On Friday, August 2, the U.S. withdrew from the Intermediate-Range Nuclear Forces Treaty (INF Treaty). The Treaty prohibits the acquisition of ground launched missiles with a range of 500-1500 kilometers. The move came amidst concerns that Russia was no longer complying with the treaty. President Trump has also raised the possibility of a new treaty that includes both China and Russia. In recent years, China has steadily increased the capability of its short and medium range missiles creating concern in both the U.S. and Russia. However, the decision to withdraw from the Treaty has been met with apprehension within the international community – particularly those allied to the U.S. The change may mark a new era for intermediate-range cruise and ballistic missiles, with fears that the withdrawal will lead to a renewed arms race between multiple world powers.
There have been several prominent figures calling for restraint after the withdrawal. In the BBC, Secretary General of the UN, Antonio Guterres has said that “This will likely heighten, not reduce, the threat posed by ballistic missiles.” Of greatest concern is that Russia and the U.S. will begin to stockpile nuclear weapons.
A number of U.S. officials and some professors have countered that the agreement was ineffective. Andrew Erickson, a professor of strategy in the U.S. Naval War College suggested in the New York Times that “Unilateral constraint was a losing proposition: China developed the world’s foremost force of missiles precisely within the ranges that I.N.F. would prohibit.” NATO also supported the decision to withdraw, “Russia bears sole responsibility for the demise of the Treaty. A situation whereby the United States fully abides by the Treaty, and Russia does not, is not sustainable.”
The U.S. withdrawal, and subsequent death of the INF treaty does seem to be a ‘legitimate’ and logical action as both parties allege that the other has been in violation. But simply withdrawing from the INF Treaty sends the wrong message. It promotes the idea that there will be a return to the nuclear instability of the Cold War. John McLaughlin, professor in the school of Advanced International Studies at Johns Hopkins University highlights the seriousness of the withdrawal by stating in The Washington Post, “When it comes to nuclear weapons, just giving up and walking away from an arms-control treaty reverses the wise course of negotiated reductions we have followed for decades.” A better option would have been to open talks with Russia and China while the INF Treaty was still in place. This would have allowed for both countries to renew commitments, include China in the treaty, and increase the scope of the treaty with relation to technological advancements, whilst also maintaining a clear commitment to arms control. According to McLaughlin, withdrawing from the treaty sends the wrong message to aspiring nuclear states, such as Iran and North Korea.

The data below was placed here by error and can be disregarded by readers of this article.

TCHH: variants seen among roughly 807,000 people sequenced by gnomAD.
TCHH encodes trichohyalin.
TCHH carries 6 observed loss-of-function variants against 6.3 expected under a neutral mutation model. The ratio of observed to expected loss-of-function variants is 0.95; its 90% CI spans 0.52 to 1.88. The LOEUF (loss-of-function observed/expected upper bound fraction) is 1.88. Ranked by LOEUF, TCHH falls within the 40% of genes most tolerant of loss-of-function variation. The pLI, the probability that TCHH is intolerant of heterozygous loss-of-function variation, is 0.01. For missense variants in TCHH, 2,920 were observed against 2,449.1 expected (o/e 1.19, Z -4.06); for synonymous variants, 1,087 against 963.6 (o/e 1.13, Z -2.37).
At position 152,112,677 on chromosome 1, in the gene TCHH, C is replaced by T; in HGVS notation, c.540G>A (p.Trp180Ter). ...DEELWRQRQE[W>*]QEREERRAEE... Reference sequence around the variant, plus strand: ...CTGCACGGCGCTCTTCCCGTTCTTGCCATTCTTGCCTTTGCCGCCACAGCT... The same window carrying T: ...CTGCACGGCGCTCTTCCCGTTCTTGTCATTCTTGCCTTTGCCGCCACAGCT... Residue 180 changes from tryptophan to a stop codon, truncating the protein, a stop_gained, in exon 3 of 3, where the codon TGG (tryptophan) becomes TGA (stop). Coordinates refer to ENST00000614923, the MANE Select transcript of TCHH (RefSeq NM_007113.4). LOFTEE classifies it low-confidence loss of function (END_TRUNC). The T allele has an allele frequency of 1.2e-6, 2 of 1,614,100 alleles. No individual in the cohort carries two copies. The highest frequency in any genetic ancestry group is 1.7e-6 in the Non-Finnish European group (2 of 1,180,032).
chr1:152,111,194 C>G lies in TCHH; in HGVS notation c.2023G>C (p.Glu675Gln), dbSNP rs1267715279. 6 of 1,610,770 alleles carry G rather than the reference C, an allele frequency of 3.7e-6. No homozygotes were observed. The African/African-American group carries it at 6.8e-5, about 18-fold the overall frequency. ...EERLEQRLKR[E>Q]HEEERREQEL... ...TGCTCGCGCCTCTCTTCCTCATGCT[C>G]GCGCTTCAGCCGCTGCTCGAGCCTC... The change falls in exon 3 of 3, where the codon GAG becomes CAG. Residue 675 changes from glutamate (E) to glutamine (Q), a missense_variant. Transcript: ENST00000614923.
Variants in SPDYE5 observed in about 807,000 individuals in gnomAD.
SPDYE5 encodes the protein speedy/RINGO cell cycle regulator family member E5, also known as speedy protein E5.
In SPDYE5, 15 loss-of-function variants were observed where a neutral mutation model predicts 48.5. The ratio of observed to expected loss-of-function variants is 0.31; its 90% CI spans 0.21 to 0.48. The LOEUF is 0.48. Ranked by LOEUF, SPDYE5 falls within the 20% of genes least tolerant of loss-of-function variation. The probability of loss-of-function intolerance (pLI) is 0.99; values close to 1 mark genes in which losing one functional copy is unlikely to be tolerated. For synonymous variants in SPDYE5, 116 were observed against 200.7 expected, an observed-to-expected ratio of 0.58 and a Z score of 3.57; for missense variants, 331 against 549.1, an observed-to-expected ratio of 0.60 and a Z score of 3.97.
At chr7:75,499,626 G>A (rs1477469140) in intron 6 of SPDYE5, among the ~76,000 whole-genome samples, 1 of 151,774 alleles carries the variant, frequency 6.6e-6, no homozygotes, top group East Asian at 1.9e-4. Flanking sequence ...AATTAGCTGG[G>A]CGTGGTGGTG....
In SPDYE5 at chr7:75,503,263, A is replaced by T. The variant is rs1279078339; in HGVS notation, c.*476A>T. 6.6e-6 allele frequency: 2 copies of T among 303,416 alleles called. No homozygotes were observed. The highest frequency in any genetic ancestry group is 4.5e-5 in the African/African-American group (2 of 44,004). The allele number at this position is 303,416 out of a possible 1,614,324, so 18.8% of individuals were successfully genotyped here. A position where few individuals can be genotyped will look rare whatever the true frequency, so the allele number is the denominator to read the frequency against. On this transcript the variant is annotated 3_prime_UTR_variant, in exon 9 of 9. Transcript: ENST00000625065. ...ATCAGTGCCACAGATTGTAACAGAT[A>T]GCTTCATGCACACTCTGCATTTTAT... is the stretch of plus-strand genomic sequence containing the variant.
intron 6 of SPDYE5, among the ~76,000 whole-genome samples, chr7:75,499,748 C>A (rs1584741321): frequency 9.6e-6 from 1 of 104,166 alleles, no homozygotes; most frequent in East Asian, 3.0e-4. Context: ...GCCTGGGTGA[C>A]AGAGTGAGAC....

U.S. withdrawal from the INF has been a long time coming. In February, White House officials announced they would begin to withdraw from the treaty, accusing Russia of non-compliance. The Treaty came about in 1987 as both countries began to build up short and intermediate range missiles across Europe. The U.S.S.R. at the time was concerned with technological advancements that could annihilate their second strike capability. The result was an increasingly tense and unstable arms race. However, the Treaty only targets the U.S. and Russia. Recently, China has begun to deploy short and intermediate range missiles that are capable of striking Taiwan, South Korea, Japan, and even the U.S. territory of Guam. This has caused particular concern in Russia as it shares a border with China. The result is that both the U.S. and Russia have distinct incentives to renege on the INF Treaty.
The U.S. withdrawal from the INF Treaty could mark a new era of nuclear instability and insecurity. While technically legitimate, the U.S. decision was conducted brazenly, with little attempt made to renegotiate with Russia or include China in a future deal. This sends the wrong message to aspiring nuclear powers, particularly Iran and North Korea. Further, it comes at a time of increasing instability, and tension between the global powers. Such an act threatens the global nuclear architecture that prevents proliferation and promotes arms control, and in doing so, threatens the peace and security of the globe.
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